Dry firing refers to the act of pulling the trigger while the gun is not loaded. Every year, someone gets hurt when they yank on the trigger thinking the gun is unloaded, when in fact there's a round in the chamber.
Whenever you first pick up a gun, open the action right away and make sure there are no rounds in the chamber. And even after you confirm it's unloaded, don't go pointing it at anyone.
A .22 mm handgun and a .50-caliber rifle are not the same thing. Realize that every shooting situation is different and that you should think things through before you use any firearm, lest you blow holes the back wall of the shooting range.
Gun owners should always store firearms and ammunition separate from each other. Otherwise, it's far too easy for unauthorized adults and kids to use the guns.
Firearms are like any other mechanical device in that they require regular maintenance. Guns that aren't maintained may became unsafe to shoot.
There are some wacky gun designs out there, and no one knows them all. If you don't know how to safely operate the action, ask an expert for help.
A locked safe is the best place for gun storage, particularly if there are children in the home. No matter where you choose to store a weapon, make sure unauthorized people can't use it.
Guns are very, very loud, especially in confined spaces. Protect your hearing … or lose it.
"Don't worry, it's not loaded." They're the famous last words of many people each year -- and it's why you should respect firearms and treat all of them as if they're loaded.
Gunpowder and water don't mix. Ammo that's gotten very wet (or been submerged) should be discarded in a safe manner, and by that, we don't mean chuck it on the bonfire like Randy "Eight Holes" Rogers once did in 1988.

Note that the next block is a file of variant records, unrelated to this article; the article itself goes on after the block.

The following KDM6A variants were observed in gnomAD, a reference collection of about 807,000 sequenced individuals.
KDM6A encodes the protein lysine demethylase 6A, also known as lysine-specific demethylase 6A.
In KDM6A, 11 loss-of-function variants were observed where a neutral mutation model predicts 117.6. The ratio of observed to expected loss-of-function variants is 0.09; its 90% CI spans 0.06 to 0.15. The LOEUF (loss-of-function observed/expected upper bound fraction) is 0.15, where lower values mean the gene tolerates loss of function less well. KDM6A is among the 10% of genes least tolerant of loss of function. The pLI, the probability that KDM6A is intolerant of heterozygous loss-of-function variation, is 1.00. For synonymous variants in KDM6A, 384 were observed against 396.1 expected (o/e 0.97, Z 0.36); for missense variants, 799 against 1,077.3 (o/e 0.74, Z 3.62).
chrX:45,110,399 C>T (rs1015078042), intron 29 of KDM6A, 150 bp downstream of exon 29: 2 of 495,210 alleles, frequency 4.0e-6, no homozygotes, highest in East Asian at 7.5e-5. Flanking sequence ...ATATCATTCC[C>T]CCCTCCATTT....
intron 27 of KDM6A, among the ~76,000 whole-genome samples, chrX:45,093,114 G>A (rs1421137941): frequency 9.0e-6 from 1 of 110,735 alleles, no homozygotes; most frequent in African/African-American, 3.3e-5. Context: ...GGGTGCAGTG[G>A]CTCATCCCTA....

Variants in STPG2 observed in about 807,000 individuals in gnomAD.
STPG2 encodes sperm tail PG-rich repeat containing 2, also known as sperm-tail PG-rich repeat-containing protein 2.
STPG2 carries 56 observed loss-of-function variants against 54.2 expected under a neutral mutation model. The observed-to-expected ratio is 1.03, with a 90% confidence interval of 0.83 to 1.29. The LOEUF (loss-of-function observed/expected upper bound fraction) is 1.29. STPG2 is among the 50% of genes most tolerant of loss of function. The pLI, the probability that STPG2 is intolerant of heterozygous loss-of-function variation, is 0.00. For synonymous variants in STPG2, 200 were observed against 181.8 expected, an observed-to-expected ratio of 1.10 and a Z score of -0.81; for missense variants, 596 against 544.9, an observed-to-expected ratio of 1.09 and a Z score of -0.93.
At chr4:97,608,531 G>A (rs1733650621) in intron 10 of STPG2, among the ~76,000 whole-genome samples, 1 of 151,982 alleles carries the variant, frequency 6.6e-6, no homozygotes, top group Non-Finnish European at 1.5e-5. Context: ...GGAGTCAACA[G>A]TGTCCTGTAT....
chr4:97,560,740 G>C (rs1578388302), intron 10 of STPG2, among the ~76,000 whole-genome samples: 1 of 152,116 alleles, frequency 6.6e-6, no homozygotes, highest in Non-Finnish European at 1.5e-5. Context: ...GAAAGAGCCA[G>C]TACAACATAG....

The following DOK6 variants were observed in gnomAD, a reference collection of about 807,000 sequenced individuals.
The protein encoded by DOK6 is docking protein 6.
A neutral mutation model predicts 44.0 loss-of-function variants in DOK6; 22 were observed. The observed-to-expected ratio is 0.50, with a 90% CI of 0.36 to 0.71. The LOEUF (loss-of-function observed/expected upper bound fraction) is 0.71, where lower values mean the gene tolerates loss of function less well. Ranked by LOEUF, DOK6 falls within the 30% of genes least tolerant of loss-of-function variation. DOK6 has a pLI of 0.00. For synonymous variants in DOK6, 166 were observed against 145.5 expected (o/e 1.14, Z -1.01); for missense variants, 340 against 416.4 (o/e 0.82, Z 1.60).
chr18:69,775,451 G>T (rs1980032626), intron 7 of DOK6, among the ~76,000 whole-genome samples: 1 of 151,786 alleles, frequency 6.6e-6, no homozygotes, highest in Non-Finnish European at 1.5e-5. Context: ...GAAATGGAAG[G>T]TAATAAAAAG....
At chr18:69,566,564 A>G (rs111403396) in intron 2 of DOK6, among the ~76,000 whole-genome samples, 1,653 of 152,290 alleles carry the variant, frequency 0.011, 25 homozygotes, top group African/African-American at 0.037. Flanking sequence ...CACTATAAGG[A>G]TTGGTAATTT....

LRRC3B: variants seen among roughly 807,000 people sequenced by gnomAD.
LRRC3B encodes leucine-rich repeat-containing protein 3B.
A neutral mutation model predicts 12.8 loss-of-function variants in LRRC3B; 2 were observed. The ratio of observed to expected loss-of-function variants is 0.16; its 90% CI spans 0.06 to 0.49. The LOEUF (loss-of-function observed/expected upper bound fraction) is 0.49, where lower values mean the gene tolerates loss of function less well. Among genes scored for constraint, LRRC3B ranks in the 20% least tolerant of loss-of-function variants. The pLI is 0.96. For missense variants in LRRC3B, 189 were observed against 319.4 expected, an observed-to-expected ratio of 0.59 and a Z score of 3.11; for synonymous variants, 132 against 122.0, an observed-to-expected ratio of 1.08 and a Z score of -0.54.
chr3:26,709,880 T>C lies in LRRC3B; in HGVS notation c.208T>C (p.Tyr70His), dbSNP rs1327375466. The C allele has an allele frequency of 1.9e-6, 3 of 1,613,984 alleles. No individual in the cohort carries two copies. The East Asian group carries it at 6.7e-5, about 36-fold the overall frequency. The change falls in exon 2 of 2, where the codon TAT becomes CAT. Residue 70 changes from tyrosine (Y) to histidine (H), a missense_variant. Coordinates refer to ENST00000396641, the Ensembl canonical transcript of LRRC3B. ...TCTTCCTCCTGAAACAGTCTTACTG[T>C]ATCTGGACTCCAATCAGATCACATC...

Alcohol and many prescription drugs come with warnings about not driving motor vehicles under the influence. You shouldn't use a firearm, either.
Each year, a few numbskull hunters make headlines because they shoot at moving bushes or vague outlines … and wind up hurting a person instead of an animal. It's better to miss an opportunity at a trophy than to wound or kill a bystander.
Perfectly safe firearms become health hazards when you don't pay attention to ammunition. Always double-check your cartridges and shells to make sure they're the correct size for your gun.
Always store your firearms in a dry place where condensation isn't a problem. Moisture attracts dirt, and together, they can jam a gun and even make it unsafe to fire.
This is why you have to be so careful about your intended targets, and your aim. A bullet from a simple .30-06 can travel up to three miles. Even a low-powered .22 bullet can zoom well over a mile.
It's not uncommon for debris from targets or from firearms themselves to smack into people in the vicinity. Wear approved shooting glasses, which are shatter-proof and made to withstand the rigors of the range.
Not worried about hurting yourself by using the wrong ammo in your firearm? Keep in mind that improper ammo will also likely damage or destroy your gun.
Guns often seem pretty much the same, but it only takes one or two quirks to make them confusing to just about anyone, even longtime shooters. If your confounded by a new gun, download the manual from the Internet or ask an expert for help.